As a lame-duck Congress heads into its dwindling session, legislators are being forced to reckon with the continuing resolutions passed to fund government activities earlier this year: They expire on December 7, at which point Congress needs to pass a real appropriations bill to keep the government open.
Unfortunately, Democrats and Republicans are at loggerheads over what’s going to be in that bill — and the result could be a partial government shutdown. Again.
Congress must take up seven separate spending bills – each with its own riders and heated debate — and get them signed by the president. Meanwhile, some related key legislation also needs to be resolved, from flood insurance to the Farm Bill.
Don’t miss a beat
Get the latest news and thought-provoking analysis from Truthout.
Among the bones of contention are the Violence Against Women Act, which needs a funding reauthorization to provide a broad range of services designed to combat physical and sexual violence. This includes rape prevention, restorative justice and providing tribal governments with tools they can use to fight sexual assault on reservations.
Members of Congress pushing for sexual harassment regulations on Capitol Hill have also suggested that they might attach their legislation to a major bill, such as this one.
The Farm Bill is a topic of concern as well. This bulky piece of legislation is extremely critical for funding a variety of activities, including the Supplemental Nutrition Assistance Program — SNAP, also known as food stamps. House Republicans want to add work requirements to SNAP, something Democrats are heatedly opposed to — and the Senate version of the bill doesn’t include them.
Another significant issue is Trump’s border wall. The president has threatened to veto any appropriations bill that doesn’t provide the funding he wants for a project Democrats oppose, and a growing number of Republicans think is wasteful.
With the US government firing tear gas at asylum seekers on the border last weekend, the dysfunctional approach to immigration in the United States was on full display — and this will become a sticking point as debate on the bill unfolds.
Foreign aid is on the agenda too, with the Trump administration threatening to cut aid that some say is vital not just to US diplomacy, but also national security. For instance, targeted interventions to address issues like drug trafficking can benefit the US, in addition to its allies.
Meanwhile, Democrats want to attach protections for Robert Mueller to the appropriations bill, ensuring that the special counsel will be able to work unimpeded as he investigates connections between the Trump campaign and Russia. Concerns among those who want to see the investigation carried out are growing after the departure of Attorney General Jeff Sessions.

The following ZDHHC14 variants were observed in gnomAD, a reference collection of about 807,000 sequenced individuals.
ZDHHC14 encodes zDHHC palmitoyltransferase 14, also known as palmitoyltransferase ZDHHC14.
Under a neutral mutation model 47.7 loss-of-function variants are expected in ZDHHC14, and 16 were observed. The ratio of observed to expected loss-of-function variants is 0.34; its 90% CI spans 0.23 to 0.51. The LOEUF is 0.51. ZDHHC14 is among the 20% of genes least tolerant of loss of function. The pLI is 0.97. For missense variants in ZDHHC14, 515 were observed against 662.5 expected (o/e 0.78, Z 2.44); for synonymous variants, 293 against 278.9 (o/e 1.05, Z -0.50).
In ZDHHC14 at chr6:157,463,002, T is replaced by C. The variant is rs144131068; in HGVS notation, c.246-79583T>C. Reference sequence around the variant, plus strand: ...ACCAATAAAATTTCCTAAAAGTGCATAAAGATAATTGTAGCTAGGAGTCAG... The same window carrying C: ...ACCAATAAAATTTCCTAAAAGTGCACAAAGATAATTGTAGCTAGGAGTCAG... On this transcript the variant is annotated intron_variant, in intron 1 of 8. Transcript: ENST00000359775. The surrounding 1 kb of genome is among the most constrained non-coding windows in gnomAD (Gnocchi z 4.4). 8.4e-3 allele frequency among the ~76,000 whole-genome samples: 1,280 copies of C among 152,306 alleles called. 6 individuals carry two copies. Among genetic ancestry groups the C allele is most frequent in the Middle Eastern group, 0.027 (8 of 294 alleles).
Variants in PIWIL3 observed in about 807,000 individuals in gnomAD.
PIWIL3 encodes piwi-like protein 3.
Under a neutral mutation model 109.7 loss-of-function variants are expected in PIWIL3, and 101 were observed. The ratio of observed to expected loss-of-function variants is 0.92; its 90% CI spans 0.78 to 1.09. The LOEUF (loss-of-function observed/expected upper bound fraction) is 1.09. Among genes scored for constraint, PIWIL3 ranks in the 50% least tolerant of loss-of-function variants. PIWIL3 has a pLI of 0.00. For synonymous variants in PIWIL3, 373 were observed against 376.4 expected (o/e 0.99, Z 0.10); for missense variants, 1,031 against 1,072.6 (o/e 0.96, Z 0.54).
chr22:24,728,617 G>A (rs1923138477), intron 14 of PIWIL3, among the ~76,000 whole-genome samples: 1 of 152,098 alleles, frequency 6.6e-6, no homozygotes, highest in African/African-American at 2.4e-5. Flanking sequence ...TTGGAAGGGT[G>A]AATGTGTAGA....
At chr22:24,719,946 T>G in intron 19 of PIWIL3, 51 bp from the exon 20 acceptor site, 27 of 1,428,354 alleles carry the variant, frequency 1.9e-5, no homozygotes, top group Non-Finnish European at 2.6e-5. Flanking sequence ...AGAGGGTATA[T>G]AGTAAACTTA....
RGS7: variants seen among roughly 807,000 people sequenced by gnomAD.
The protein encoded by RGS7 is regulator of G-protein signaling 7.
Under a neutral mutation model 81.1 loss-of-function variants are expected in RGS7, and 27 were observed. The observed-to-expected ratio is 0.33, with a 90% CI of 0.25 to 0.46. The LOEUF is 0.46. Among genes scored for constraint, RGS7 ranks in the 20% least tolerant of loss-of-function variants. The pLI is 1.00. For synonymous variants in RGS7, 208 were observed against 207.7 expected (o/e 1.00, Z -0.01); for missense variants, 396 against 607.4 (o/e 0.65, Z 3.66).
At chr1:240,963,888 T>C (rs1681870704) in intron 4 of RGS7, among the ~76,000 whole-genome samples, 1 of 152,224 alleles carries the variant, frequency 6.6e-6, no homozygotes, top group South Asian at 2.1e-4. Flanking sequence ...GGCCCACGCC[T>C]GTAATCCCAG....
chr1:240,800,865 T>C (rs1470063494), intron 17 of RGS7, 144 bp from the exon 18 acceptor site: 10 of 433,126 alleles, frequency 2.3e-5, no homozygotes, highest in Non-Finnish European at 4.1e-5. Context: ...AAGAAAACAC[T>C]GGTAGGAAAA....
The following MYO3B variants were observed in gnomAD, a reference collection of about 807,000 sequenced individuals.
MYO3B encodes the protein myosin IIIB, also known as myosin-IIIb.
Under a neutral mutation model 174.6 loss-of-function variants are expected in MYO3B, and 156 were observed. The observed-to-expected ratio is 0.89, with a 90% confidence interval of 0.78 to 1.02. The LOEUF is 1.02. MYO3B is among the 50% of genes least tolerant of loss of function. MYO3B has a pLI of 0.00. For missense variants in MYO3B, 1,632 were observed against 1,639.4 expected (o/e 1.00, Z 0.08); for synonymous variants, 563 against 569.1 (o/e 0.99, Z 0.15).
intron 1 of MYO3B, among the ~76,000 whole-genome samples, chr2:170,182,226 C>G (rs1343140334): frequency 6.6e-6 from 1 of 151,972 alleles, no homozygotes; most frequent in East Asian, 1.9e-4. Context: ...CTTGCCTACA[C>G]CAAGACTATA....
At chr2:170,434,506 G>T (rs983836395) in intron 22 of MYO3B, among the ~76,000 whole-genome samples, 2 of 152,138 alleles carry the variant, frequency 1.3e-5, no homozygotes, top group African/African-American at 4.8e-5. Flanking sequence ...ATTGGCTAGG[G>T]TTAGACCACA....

Members of Congress also want more money for disaster recovery — especially in California, where wildfires have left tens of thousands of people homeless. The government also needs to reauthorize a flood insurance program.
No pressure, Congress!
One of the problems with funding fights like these is that it makes it difficult for agencies and organizations who rely on this funding to do their work. Imagine if you’re a group providing rape crisis services, and you have no idea whether you’ll get any funding after December 7. Or if you’re a realtor working in a flood-prone area trying to sell homes without knowing the status of the flood insurance program.
That’s why Congress must resolve these issues immediately — and the clock is ticking. It’s critical to call your senators and representative to tell them you want action on addressing the appropriations bills and outstanding reauthorizations — VAWA, the Farm Bill and flood insurance.
If you don’t want to feel like you’re throwing everything but the kitchen sink at them, pick a few issues that you think are especially important. Maybe for you that’s keeping work requirements out of the Farm Bill, reauthorizing VAWA and protecting Mueller. Or denying funding for the border wall, providing disaster funds to California and re-upping the flood insurance program.
Make your case and tell a friend to do the same!